OBJECTIVES: In the current Severe Acute Respiratory Distress Coronavirus 2 (SARS-CoV-2) pandemic there is still great uncertainty about the effects of an infection in pregnancy especially regarding a possible fetal transmission of antibodies to SARS-CoV-2 and the longevity of this immunity. METHODS: Sixteen women who were infected with SARS-CoV-2 during pregnancy and their offspring were included. The antibody response to SARS-CoV-2 was measured in mother and umbilical cord blood peripartum and in a follow-up examination 6-11 weeks after birth. Medical history, symptoms regarding SARS-CoV-2, obstetric and neonatal information were queried following recommendations by the WHO. RESULTS: A total of 73% of the women and one third of the infants developed antibodies to SARS-CoV-2 spike (S) protein receptor binding domain (RBD), with a long interval between infection and birth proving favorable for a transplacentar transfer of antibodies to the neonates. All infants showed declining or vanishing antibody-titers in the follow-up examination, while the titers of their mothers were stable or even increased. CONCLUSIONS: Our results demonstrate that transplacental transfer of SARS-CoV-2-specific antibodies is possible, but also indicate that the immunity that may be gained as a result might decrease in newborns postpartum. This provides important evidence that could be useful for further studies covering vaccination during pregnancy.


Subject(s)
Antibody Formation , COVID-19/immunology , Infant, Newborn/immunology , Pregnancy Complications, Infectious/immunology , SARS-CoV-2/immunology , Female , Follow-Up Studies , Humans , Pregnancy , Prospective Studies , Spike Glycoprotein, Coronavirus/immunology
4.
J Neurol ; 268(11): 3969-3974, 2021 Nov.
Article in English | MEDLINE | ID: covidwho-1210701

ABSTRACT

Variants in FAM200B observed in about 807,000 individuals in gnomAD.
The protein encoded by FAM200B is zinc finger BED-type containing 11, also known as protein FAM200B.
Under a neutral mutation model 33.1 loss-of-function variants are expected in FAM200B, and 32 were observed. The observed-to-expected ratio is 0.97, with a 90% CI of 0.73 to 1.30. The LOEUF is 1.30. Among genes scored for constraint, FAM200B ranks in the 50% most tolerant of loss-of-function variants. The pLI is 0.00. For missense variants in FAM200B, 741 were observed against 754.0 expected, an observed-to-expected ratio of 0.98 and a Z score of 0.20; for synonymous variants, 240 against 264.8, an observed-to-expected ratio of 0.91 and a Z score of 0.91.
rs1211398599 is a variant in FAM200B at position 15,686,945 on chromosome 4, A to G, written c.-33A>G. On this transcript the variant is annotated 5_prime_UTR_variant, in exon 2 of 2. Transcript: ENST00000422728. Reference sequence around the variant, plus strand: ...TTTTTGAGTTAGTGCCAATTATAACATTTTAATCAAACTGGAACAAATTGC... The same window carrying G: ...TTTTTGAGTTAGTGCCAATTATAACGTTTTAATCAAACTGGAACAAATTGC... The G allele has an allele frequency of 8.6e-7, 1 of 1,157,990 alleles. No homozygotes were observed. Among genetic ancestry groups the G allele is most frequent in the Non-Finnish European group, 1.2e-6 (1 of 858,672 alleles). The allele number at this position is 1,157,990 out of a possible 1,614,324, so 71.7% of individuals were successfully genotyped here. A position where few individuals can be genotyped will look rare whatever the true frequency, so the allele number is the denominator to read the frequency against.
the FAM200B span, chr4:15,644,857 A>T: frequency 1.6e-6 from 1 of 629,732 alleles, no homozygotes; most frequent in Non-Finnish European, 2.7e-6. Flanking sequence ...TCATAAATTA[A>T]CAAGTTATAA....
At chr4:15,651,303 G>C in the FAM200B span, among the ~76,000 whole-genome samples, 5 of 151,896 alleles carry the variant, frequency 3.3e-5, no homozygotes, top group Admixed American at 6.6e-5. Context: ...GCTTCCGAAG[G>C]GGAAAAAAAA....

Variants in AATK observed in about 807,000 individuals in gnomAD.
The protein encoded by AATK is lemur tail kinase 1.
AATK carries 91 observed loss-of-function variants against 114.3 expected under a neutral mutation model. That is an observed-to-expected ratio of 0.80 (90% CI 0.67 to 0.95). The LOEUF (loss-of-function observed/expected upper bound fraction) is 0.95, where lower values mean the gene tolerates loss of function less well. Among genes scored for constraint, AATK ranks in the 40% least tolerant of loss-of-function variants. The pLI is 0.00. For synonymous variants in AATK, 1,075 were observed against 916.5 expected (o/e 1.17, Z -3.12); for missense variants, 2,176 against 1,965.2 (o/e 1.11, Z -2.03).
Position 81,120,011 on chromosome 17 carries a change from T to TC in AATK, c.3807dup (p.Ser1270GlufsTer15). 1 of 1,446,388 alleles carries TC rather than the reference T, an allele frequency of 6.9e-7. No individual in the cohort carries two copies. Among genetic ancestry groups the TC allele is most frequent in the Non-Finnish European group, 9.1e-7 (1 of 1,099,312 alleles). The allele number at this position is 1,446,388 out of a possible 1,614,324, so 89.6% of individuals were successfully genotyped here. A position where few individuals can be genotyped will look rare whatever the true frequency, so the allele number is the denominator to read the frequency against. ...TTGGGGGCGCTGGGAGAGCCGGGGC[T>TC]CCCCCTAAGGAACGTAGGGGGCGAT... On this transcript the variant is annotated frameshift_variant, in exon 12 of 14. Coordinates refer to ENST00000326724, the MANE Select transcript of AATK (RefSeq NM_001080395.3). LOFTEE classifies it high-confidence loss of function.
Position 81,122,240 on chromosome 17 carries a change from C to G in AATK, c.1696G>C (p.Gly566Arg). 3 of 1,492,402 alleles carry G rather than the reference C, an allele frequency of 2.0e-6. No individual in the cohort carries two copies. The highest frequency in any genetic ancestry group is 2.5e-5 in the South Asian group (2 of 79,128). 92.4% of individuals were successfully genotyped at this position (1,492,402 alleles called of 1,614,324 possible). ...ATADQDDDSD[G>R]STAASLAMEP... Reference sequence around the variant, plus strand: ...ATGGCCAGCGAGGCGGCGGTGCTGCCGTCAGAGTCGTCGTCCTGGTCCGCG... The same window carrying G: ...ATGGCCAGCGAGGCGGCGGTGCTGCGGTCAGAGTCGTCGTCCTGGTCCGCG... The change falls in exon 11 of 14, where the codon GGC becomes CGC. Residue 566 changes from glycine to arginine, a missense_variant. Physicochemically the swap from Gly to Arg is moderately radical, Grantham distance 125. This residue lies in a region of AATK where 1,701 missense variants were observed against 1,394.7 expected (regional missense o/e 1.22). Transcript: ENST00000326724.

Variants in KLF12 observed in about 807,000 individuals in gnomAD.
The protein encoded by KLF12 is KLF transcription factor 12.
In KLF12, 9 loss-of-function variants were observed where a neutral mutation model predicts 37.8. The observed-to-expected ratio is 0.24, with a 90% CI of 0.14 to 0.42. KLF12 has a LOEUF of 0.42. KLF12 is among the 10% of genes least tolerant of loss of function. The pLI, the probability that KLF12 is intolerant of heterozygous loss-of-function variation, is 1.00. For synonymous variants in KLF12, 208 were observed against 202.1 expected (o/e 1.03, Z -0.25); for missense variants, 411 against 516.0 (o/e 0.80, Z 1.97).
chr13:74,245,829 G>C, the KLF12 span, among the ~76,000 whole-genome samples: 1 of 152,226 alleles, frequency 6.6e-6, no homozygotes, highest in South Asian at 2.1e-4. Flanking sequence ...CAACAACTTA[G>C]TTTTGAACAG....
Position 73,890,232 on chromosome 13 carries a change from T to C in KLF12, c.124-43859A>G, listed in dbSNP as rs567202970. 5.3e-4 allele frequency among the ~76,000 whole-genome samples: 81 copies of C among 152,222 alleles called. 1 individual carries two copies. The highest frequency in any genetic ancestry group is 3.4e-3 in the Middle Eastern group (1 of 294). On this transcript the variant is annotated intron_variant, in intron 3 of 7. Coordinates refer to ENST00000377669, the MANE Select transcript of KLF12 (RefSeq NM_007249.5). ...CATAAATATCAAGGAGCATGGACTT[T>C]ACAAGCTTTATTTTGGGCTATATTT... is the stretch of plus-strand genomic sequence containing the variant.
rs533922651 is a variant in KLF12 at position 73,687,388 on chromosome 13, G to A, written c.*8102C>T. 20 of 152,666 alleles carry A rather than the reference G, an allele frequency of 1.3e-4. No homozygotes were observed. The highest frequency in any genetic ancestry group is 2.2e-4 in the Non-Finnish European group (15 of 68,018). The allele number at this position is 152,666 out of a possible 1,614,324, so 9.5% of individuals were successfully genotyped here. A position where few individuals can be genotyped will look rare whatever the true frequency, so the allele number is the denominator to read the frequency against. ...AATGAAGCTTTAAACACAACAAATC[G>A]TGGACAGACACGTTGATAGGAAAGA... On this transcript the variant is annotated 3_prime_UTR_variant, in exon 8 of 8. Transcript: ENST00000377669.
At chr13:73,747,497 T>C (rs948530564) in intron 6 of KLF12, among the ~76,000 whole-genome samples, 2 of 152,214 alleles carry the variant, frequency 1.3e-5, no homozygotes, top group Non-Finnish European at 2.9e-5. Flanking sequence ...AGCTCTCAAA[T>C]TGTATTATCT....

BACKGROUND: Serum neurofilament light chain (sNfL) is an established biomarker of neuro-axonal damage in multiple neurological disorders. Raised sNfL levels have been reported in adults infected with pandemic coronavirus disease 2019 (COVID-19). Levels in children infected with COVID-19 have not as yet been reported. OBJECTIVE: To evaluate whether sNfL is elevated in children contracting COVID-19. METHODS: Between May 22 and July 22, 2020, a network of outpatient pediatricians in Bavaria, Germany, the Coronavirus antibody screening in children from Bavaria study network (CoKiBa), recruited healthy children into a cross-sectional study from two sources: an ongoing prevention program for 1-14 years, and referrals of 1-17 years consulting a pediatrician for possible infection with severe acute respiratory syndrome coronavirus 2 (SARS-CoV-2). We determined sNfL levels by single molecule array immunoassay and SARS-CoV-2 antibody status by two independent quantitative methods. RESULTS: Of the 2652 included children, 148 (5.6%) were SARS-CoV-2 antibody positive with asymptomatic to moderate COVID-19 infection. Neurological symptoms-headache, dizziness, muscle aches, or loss of smell and taste-were present in 47/148 cases (31.8%). Mean sNfL levels were 5.5 pg/ml (SD 2.9) in the total cohort, 5.1 (SD 2.1) pg/ml in the children with SARS-CoV-2 antibodies, and 5.5 (SD 3.0) pg/ml in those without. Multivariate regression analysis revealed age-but neither antibody status, antibody levels, nor clinical severity-as an independent predictor of sNfL. Follow-up of children with pediatric multisystem inflammatory syndrome (n = 14) showed no association with sNfL. CONCLUSIONS: In this population study, children with asymptomatic to moderate COVID-19 showed no neurochemical evidence of neuronal damage.